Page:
Color, 1973, 98 mins. 4 secs.
Directed by Mario Caiano
Starring Chen Lee, Klaus Kinski, Carla Romanelli, Gordon Mitchell, Katsutoshi Mikuriya, Robert Hundar, Giacomo Rossi Stuart
Cauldron Films (Blu-ray) (US RA HD), Turbine, X-Rated Kult (DVD) (Germany R2 PAL), Seven7 Editions (France R2 PAL) / WS (2.35:1) (16:9)

The inevitable mingling Shanghai Joethat occurred between European exploitation and Hong Kong kung-fu films produced a wide and Shanghai Joeweird spectrum of films like Antonio Margheriti's The Stranger and the Gunfighter, Hammer's The Legend of the 7 Golden Vampires, Kung Fu? From Sicily with Fury, and the eventual artistic apex with Bruce Le's cameo in Pieces. At the beginning of the wave is one of the best entries, Il mio nome è Shanghai Joe, which circulated in theaters under titles like The Fighting Fist of Shanghai Joe and The Dragon Strikes Back. Drenched in spaghetti western style right down to its twangy Bruno Nicolai score, it's also filled with high-energy martial arts scenes (some of it quite bloody) and remains unique for its sympathetic portrayal of an Asian protagonist up against a variety of physical opponents and racist attitudes. The film should have been the springboard for a string of Shanghai Joe adventures, though only one vastly inferior sequel, 1975's Return of Shanghai Joe, ever materialized.

In "St. Francisco 1882," Chinese immigrant Joe (Lee, a.k.a. Japanese actor Myoshin Hayakawa) arrives to find a country filled with so much hostility you can't even walk into a bar and order a drink without getting into a scrape. Luckily Joe is more than skilled enough with his fists and feet to defend himself, and he also never fails to leap to the Shanghai Joedefense of anyone who's oppressed around him. Joe is working his way to Texas where the cowpokes prove to be just as ornery, on top of which there's an insidious migrant smuggling ring forcing Mexicans to work as slaves for the corrupt landowners. When Joe interferes, much violence ensues as well as a romance with Cristina (Romanelli). Joe ends up with a bounty Shanghai Joeon his head that sends a quartet of deadly trackers on his trail including cannibal Pedro (Hundar), the knife-wielding Scalper Jack (Kinski in a scene-stealing cameo), Burying Sam (Mitchell), and eventually a master Japanese fighter, Mikuja (Mikuriya).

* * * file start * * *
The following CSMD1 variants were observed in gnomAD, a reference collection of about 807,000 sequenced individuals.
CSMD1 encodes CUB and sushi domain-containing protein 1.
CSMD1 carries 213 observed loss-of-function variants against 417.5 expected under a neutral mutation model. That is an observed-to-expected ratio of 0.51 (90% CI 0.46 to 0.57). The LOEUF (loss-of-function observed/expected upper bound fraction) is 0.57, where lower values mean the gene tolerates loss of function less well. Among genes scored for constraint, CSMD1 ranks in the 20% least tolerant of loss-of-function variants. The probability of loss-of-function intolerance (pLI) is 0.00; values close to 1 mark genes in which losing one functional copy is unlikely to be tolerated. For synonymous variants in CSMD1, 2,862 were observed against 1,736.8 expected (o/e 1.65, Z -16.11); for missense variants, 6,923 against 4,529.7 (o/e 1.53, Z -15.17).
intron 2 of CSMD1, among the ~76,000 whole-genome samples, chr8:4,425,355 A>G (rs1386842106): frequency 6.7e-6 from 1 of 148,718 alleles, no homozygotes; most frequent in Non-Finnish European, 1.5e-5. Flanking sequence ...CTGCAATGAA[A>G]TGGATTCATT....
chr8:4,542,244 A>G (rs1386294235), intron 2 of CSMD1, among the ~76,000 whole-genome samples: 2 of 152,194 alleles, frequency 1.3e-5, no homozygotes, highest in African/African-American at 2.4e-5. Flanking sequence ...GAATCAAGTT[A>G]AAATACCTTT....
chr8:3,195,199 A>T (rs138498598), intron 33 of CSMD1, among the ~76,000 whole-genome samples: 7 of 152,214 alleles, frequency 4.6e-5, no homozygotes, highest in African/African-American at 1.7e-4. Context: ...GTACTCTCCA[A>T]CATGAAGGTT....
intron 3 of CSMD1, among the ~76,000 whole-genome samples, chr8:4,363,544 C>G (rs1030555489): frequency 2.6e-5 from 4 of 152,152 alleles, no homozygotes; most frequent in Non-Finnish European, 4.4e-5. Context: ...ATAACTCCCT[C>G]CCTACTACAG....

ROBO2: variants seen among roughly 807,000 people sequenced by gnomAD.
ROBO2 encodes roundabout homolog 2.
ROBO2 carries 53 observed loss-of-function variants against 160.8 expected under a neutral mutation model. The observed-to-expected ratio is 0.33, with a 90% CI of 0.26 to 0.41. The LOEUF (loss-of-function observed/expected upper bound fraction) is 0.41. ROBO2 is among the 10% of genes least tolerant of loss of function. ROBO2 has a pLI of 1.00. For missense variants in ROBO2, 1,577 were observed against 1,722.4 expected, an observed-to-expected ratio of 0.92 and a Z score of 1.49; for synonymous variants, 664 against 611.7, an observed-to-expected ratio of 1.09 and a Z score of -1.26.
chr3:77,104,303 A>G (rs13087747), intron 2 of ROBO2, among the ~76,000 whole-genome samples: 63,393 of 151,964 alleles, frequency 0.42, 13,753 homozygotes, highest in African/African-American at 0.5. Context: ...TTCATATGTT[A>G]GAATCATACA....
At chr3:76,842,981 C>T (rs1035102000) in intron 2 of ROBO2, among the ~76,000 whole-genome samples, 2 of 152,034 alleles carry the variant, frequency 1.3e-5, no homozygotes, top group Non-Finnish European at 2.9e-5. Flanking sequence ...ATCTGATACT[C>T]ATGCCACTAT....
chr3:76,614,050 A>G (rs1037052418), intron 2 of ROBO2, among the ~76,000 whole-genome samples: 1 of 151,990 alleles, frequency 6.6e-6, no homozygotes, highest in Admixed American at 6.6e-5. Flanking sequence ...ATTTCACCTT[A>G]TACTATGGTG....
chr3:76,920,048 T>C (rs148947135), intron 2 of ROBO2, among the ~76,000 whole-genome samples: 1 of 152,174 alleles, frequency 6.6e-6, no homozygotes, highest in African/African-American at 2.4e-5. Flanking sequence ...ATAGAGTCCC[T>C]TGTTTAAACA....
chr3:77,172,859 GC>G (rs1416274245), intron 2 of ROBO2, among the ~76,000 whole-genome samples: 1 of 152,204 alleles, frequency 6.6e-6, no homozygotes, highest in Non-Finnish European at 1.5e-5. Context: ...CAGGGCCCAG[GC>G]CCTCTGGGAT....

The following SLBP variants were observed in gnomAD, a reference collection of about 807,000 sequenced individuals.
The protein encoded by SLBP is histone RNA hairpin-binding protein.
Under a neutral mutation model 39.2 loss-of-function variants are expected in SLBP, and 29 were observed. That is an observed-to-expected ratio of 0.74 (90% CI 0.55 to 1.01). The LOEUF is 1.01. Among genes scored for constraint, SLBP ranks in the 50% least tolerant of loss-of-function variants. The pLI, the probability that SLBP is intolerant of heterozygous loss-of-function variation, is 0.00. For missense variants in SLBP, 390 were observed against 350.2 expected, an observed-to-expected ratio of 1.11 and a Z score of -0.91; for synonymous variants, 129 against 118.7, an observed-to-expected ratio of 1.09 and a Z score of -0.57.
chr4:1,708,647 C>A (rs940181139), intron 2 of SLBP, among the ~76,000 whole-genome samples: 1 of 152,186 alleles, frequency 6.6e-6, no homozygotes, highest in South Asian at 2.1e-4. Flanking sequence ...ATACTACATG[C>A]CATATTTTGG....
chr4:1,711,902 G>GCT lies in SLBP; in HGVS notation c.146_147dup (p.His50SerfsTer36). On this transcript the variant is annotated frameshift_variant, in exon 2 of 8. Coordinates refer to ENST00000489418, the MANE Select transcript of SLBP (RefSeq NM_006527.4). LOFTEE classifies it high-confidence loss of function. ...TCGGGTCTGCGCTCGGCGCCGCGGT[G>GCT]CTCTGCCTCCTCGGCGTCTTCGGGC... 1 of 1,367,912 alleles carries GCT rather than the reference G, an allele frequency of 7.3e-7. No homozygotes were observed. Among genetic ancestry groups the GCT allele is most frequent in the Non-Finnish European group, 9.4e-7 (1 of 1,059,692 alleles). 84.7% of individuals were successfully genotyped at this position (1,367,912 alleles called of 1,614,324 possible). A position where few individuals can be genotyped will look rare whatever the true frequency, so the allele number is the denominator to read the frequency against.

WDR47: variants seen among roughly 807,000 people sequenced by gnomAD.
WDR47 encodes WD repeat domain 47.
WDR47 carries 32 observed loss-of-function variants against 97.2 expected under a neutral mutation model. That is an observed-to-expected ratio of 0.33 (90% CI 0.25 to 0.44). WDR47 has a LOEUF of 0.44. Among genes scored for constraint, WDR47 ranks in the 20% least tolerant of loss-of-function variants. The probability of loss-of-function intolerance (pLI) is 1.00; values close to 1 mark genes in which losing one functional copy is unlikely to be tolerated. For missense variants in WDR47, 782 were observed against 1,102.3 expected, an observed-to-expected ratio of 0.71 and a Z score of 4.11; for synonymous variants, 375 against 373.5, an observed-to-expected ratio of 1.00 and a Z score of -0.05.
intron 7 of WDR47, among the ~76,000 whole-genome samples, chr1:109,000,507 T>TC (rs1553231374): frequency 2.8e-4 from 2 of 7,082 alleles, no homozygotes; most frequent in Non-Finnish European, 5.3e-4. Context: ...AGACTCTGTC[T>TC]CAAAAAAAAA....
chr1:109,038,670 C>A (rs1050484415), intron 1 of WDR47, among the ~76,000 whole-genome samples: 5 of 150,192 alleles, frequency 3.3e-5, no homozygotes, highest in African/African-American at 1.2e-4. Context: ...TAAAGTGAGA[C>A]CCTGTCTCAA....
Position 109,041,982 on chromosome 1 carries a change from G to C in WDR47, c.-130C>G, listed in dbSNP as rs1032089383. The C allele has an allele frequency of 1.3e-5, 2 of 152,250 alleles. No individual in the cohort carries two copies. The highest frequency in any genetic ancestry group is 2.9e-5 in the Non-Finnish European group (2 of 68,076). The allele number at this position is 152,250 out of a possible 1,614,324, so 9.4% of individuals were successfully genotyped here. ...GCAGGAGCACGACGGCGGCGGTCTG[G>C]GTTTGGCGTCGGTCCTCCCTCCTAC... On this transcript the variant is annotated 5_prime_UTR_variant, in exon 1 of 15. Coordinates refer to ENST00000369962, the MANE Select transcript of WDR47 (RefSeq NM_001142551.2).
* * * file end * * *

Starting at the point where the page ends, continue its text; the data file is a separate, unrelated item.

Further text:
Pure drive-in pulp all the way through, this was yet another wild detour in the career of director Mario Caiano who also blessed the world with Weapons of Death, Eye in the Labyrinth, Nightmare Castle, The Sign of the Coyote, and, uh, Nazi Love Camp 27. He does a solid job of aping the widescreen spaghetti western formula that was still riding fairly high at the time, though he doesn't quite know to shoot standard fight scenes (with several punches and kicks landing very far from their targets). It's tons of fun, and while Lee doesn't exactly give Bruce Lee a run for his money in the charisma department, he delivers in the action moments which occasionally up the ante with gory eyeball and severed hand mayhem. In short, it's a good time for all.

Despite a U.S. VHS from Trans World and a couple of European DVDs (as well as an unauthorized Blu-ray from the now defunct Wild East Productions), this film Shanghai Joehasn't been the easiest to come across until the 2022 Blu-ray from Cauldron Films (under the simple title Shanghai Joe). The 2K scan from the Italian negative looks very handsome with bright colors and better detail than anything we've had before; it isn't the most crisp-looking Shanghai Joespaghetti western around but this appears to be an aesthetic quality inherent in every version out there. The DTS-HD MA 2.0 English and Italian tracks are included with optional English-translated or English SDH subtitles; both sound great with that Nicolai score having some nice range throughout. An audio commentary by The Spaghetti Western Digest's Mike Hauss obviously focuses on the Italian western angle with lots of info about the shooting locations, the state of the subgenre at the time, the connections between many of the actors, the role of racism in the story, the international nature of many of these films, and the undeniable technical shortcomings of a few moments. There is a hefty amount of rustling and other background noise on and off throughout, so be careful if you're listening with headphones. "Samurai Spirit" (9m11s) is an Italian-language subtitled interview with Master Katsutoshi Mikuriya who was induced by Caiano and company to help find a star for the film and ended up being cast in a relatively short but very memorable part for the climax. "East Meets West: Italian Style" (19m45s) is a visual essay by film historian Eric Zaldivar chronicling the progression of these fusions from the all-star Red Sun (and some earlier Nikkatsu obscurities) through Tony Anthony's Stranger series, The Stranger and the Gunfighter, the bizarre Tomas Milian "Chinese" action comedies, Kung Fu Brothers in the Wild West, and "kinda sorta" entries like Take a Hard Ride. Also included are the very striking theatrical trailer, a gallery (1m49s) of international poster and ad art, and a bonus CD soundtrack of Nicolai's score. The limited 1,500-unit edition also comes with a folded poster and a slipcase.

Reviewed on December 22, 2022.